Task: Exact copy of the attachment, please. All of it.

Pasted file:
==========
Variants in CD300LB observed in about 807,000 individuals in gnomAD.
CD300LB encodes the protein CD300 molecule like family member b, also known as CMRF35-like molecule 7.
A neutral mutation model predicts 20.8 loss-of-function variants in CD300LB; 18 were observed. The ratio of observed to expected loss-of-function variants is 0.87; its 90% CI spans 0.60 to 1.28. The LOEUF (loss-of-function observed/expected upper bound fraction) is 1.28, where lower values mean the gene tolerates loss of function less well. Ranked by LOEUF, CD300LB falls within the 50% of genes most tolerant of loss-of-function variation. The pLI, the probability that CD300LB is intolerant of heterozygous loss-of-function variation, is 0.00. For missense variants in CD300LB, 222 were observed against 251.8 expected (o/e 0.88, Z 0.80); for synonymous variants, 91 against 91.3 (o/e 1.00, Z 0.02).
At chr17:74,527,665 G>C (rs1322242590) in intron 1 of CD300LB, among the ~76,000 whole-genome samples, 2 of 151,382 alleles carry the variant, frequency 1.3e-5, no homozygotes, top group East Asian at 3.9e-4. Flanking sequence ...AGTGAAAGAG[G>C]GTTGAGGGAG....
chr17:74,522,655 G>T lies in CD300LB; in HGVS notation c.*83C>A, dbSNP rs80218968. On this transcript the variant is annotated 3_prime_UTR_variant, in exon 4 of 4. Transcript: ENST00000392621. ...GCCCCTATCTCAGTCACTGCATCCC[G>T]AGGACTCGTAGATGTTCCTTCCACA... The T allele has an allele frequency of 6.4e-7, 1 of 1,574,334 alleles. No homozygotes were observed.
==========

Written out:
Variants in CD300LB observed in about 807,000 individuals in gnomAD.
CD300LB encodes the protein CD300 molecule like family member b, also known as CMRF35-like molecule 7.
A neutral mutation model predicts 20.8 loss-of-function variants in CD300LB; 18 were observed. The ratio of observed to expected loss-of-function variants is 0.87; its 90% CI spans 0.60 to 1.28. The LOEUF (loss-of-function observed/expected upper bound fraction) is 1.28, where lower values mean the gene tolerates loss of function less well. Ranked by LOEUF, CD300LB falls within the 50% of genes most tolerant of loss-of-function variation. The pLI, the probability that CD300LB is intolerant of heterozygous loss-of-function variation, is 0.00. For missense variants in CD300LB, 222 were observed against 251.8 expected (o/e 0.88, Z 0.80); for synonymous variants, 91 against 91.3 (o/e 1.00, Z 0.02).
At chr17:74,527,665 G>C (rs1322242590) in intron 1 of CD300LB, among the ~76,000 whole-genome samples, 2 of 151,382 alleles carry the variant, frequency 1.3e-5, no homozygotes, top group East Asian at 3.9e-4. Flanking sequence ...AGTGAAAGAG[G>C]GTTGAGGGAG....
chr17:74,522,655 G>T lies in CD300LB; in HGVS notation c.*83C>A, dbSNP rs80218968. On this transcript the variant is annotated 3_prime_UTR_variant, in exon 4 of 4. Transcript: ENST00000392621. ...GCCCCTATCTCAGTCACTGCATCCC[G>T]AGGACTCGTAGATGTTCCTTCCACA... The T allele has an allele frequency of 6.4e-7, 1 of 1,574,334 alleles. No homozygotes were observed.